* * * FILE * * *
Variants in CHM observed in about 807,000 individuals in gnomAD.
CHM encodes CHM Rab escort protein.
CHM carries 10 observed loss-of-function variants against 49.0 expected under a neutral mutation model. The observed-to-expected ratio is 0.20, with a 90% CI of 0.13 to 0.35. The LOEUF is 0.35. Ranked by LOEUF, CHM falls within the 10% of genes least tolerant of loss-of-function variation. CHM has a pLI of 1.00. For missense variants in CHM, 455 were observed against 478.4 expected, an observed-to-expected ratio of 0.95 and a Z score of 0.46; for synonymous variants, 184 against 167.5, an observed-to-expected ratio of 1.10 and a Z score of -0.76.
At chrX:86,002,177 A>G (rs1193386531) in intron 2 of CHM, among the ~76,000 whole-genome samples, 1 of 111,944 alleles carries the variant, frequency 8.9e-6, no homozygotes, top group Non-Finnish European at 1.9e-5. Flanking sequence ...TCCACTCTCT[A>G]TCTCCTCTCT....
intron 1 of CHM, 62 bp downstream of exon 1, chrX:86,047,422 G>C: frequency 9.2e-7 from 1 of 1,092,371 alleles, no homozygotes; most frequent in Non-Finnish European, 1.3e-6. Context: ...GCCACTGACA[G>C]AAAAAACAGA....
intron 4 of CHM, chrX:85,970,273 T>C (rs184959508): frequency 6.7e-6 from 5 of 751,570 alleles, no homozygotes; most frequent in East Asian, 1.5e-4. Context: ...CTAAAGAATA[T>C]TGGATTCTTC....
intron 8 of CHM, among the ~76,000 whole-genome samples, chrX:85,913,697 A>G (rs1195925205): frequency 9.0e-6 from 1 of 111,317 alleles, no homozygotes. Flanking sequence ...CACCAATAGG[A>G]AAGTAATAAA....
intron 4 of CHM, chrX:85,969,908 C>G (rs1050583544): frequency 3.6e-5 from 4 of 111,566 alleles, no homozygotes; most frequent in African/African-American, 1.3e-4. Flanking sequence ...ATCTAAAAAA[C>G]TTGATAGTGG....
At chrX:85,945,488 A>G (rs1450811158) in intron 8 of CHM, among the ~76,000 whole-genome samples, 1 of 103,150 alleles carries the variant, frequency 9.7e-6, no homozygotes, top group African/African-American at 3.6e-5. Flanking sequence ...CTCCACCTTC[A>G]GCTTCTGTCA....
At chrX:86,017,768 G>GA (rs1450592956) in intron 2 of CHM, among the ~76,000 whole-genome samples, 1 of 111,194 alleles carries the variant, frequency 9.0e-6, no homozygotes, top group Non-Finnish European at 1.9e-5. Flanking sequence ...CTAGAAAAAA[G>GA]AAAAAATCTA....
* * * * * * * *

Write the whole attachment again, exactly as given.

Variants in CHM observed in about 807,000 individuals in gnomAD.
CHM encodes CHM Rab escort protein.
CHM carries 10 observed loss-of-function variants against 49.0 expected under a neutral mutation model. The observed-to-expected ratio is 0.20, with a 90% CI of 0.13 to 0.35. The LOEUF is 0.35. Ranked by LOEUF, CHM falls within the 10% of genes least tolerant of loss-of-function variation. CHM has a pLI of 1.00. For missense variants in CHM, 455 were observed against 478.4 expected, an observed-to-expected ratio of 0.95 and a Z score of 0.46; for synonymous variants, 184 against 167.5, an observed-to-expected ratio of 1.10 and a Z score of -0.76.
At chrX:86,002,177 A>G (rs1193386531) in intron 2 of CHM, among the ~76,000 whole-genome samples, 1 of 111,944 alleles carries the variant, frequency 8.9e-6, no homozygotes, top group Non-Finnish European at 1.9e-5. Flanking sequence ...TCCACTCTCT[A>G]TCTCCTCTCT....
intron 1 of CHM, 62 bp downstream of exon 1, chrX:86,047,422 G>C: frequency 9.2e-7 from 1 of 1,092,371 alleles, no homozygotes; most frequent in Non-Finnish European, 1.3e-6. Context: ...GCCACTGACA[G>C]AAAAAACAGA....
intron 4 of CHM, chrX:85,970,273 T>C (rs184959508): frequency 6.7e-6 from 5 of 751,570 alleles, no homozygotes; most frequent in East Asian, 1.5e-4. Context: ...CTAAAGAATA[T>C]TGGATTCTTC....
intron 8 of CHM, among the ~76,000 whole-genome samples, chrX:85,913,697 A>G (rs1195925205): frequency 9.0e-6 from 1 of 111,317 alleles, no homozygotes. Flanking sequence ...CACCAATAGG[A>G]AAGTAATAAA....
intron 4 of CHM, chrX:85,969,908 C>G (rs1050583544): frequency 3.6e-5 from 4 of 111,566 alleles, no homozygotes; most frequent in African/African-American, 1.3e-4. Flanking sequence ...ATCTAAAAAA[C>G]TTGATAGTGG....
At chrX:85,945,488 A>G (rs1450811158) in intron 8 of CHM, among the ~76,000 whole-genome samples, 1 of 103,150 alleles carries the variant, frequency 9.7e-6, no homozygotes, top group African/African-American at 3.6e-5. Flanking sequence ...CTCCACCTTC[A>G]GCTTCTGTCA....
At chrX:86,017,768 G>GA (rs1450592956) in intron 2 of CHM, among the ~76,000 whole-genome samples, 1 of 111,194 alleles carries the variant, frequency 9.0e-6, no homozygotes, top group Non-Finnish European at 1.9e-5. Flanking sequence ...CTAGAAAAAA[G>GA]AAAAAATCTA....